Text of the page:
The progress of a case when a mother killed in an uprising event against Islamic Defender Front (FPI) in Sukorejo is still continuing. Many discussions have been held either formally or informally. Social media has also become part of the public space where people are continuously giving their points of view regarding the case. Some people insist that Indonesia government should be firmer in dealing with FPI. On the other hand, another recent report also shows that the actual driver is not an FPI member; hence there is no firm ground to denounce FPI. Furthermore, there is also an argument stating that “if you were on the driver’s seat, facing the uncontrollable mob throwing stone toward your car, you would do the same thing: you could not control your car and you would not know what you were currently doing and driving toward to.”
Cases related to FPI do seem very hard to be dealt with. Indonesia government seems reluctant to dismiss the group despite many evidences have clearly shown brutal attacks conducted by the group; aside from its social role as the guardian of moral and also several social activities that has been successfully conducted. A crucial question then arises: in this democratic regime, where people can easily and freely express their opinion regarding any cases, why should horizontal conflicts should remain exist?
Problem of justice
In order to determine the root cause of conflict, it can be traced back to the problem of justice when collective living is conducted. It can be then correlated to the case of social contract where every individual in a society agree to be bound by a contract that will act as the main principle in a society. The contract is also then about preserving justice since it is the only way to build just society. It can be considered as such because the contract is made in order to avoid conflict to happen in the future.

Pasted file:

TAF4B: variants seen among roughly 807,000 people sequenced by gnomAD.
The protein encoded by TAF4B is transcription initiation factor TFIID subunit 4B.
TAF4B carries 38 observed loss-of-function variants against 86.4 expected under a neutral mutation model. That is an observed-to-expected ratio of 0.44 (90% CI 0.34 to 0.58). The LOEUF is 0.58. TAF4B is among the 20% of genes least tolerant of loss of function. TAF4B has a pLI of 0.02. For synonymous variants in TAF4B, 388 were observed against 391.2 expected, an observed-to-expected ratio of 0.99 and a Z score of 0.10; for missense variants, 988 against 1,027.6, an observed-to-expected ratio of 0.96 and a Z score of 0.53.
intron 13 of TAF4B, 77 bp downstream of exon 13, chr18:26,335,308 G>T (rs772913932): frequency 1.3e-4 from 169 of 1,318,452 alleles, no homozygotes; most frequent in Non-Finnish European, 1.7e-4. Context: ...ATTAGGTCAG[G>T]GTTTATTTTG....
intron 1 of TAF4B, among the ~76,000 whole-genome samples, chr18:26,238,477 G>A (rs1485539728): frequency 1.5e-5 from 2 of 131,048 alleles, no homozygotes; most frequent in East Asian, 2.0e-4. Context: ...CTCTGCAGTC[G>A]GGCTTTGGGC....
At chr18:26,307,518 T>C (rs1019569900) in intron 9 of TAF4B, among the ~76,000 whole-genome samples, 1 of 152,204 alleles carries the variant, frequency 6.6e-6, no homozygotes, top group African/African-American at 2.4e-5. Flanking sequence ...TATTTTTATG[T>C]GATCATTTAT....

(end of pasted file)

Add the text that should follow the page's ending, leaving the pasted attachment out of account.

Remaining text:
In every contract built, the most important point is where people involved in the contract lay aside their individuality to build a more integral society that is not bounded by differences. Since human beings are keen to preserve their ego in their nature, there will be a strong need to build a body that will legitimately act as a guardian of the contract. This body is well-known as government.
Any government is then a protector of its own contract since it has acquired its legitimacy from the people proposing the contract. Furthermore, government is the only legal body that can use harsh punishment in order to preserve the contract since, if we back to the premise above, a contract is the single source where justice is preserved in a collective living. Thus, when a government fails to guard the contract, it will also become the time where horizontal conflicts begin to appear and everyone seeks his/her own path of justice, regardless the means they use.
The problem of contract
The problem of justice is valid as long as it is assumed that the contract produced has accommodated the interest of the people involved and thus creating the common good. But horizontal conflict may also arise if the contract made does not accommodate the interest of the people.
This condition can be easily seen in Egypt’s current crisis where Morsi was still in throne. When the parliament constructed the contract that was considered too subjective, people living inside Egypt yearn for more participation and accommodation when finally the social contract was legally established. This demand then continued until now in an uprising resulting in horizontal clash between those who support Morsi and those who do not.
In such a circumstance, horizontal conflict appears not to preserve justice by everyone’s way. It is more than that namely to preserve justice as just as possible by establishing a contract that is not subjective. The conflict happens as a long to build a just society not as a part to divide the society apart.